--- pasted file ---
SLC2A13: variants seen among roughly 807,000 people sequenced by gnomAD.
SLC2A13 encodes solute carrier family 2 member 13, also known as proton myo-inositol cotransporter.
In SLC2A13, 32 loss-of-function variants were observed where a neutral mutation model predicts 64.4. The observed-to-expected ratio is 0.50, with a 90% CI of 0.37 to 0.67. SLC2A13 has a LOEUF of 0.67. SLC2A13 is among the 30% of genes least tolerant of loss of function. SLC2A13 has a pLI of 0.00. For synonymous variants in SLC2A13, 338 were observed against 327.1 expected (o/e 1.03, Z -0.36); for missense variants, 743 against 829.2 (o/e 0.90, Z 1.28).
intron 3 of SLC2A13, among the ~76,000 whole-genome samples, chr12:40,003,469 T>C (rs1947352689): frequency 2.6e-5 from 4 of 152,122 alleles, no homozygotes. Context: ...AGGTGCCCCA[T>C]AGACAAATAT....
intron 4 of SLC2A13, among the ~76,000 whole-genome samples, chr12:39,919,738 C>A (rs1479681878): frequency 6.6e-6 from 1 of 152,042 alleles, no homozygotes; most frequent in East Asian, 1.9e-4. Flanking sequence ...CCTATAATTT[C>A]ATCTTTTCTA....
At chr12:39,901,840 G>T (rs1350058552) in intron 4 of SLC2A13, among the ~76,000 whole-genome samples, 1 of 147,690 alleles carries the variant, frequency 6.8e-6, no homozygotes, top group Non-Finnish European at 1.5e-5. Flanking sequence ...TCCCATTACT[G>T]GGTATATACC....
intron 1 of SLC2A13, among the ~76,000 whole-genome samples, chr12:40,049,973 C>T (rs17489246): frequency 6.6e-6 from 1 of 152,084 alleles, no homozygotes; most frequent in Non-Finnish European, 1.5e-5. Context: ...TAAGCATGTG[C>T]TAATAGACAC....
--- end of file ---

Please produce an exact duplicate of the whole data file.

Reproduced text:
SLC2A13: variants seen among roughly 807,000 people sequenced by gnomAD.
SLC2A13 encodes solute carrier family 2 member 13, also known as proton myo-inositol cotransporter.
In SLC2A13, 32 loss-of-function variants were observed where a neutral mutation model predicts 64.4. The observed-to-expected ratio is 0.50, with a 90% CI of 0.37 to 0.67. SLC2A13 has a LOEUF of 0.67. SLC2A13 is among the 30% of genes least tolerant of loss of function. SLC2A13 has a pLI of 0.00. For synonymous variants in SLC2A13, 338 were observed against 327.1 expected (o/e 1.03, Z -0.36); for missense variants, 743 against 829.2 (o/e 0.90, Z 1.28).
intron 3 of SLC2A13, among the ~76,000 whole-genome samples, chr12:40,003,469 T>C (rs1947352689): frequency 2.6e-5 from 4 of 152,122 alleles, no homozygotes. Context: ...AGGTGCCCCA[T>C]AGACAAATAT....
intron 4 of SLC2A13, among the ~76,000 whole-genome samples, chr12:39,919,738 C>A (rs1479681878): frequency 6.6e-6 from 1 of 152,042 alleles, no homozygotes; most frequent in East Asian, 1.9e-4. Flanking sequence ...CCTATAATTT[C>A]ATCTTTTCTA....
At chr12:39,901,840 G>T (rs1350058552) in intron 4 of SLC2A13, among the ~76,000 whole-genome samples, 1 of 147,690 alleles carries the variant, frequency 6.8e-6, no homozygotes, top group Non-Finnish European at 1.5e-5. Flanking sequence ...TCCCATTACT[G>T]GGTATATACC....
intron 1 of SLC2A13, among the ~76,000 whole-genome samples, chr12:40,049,973 C>T (rs17489246): frequency 6.6e-6 from 1 of 152,084 alleles, no homozygotes; most frequent in Non-Finnish European, 1.5e-5. Context: ...TAAGCATGTG[C>T]TAATAGACAC....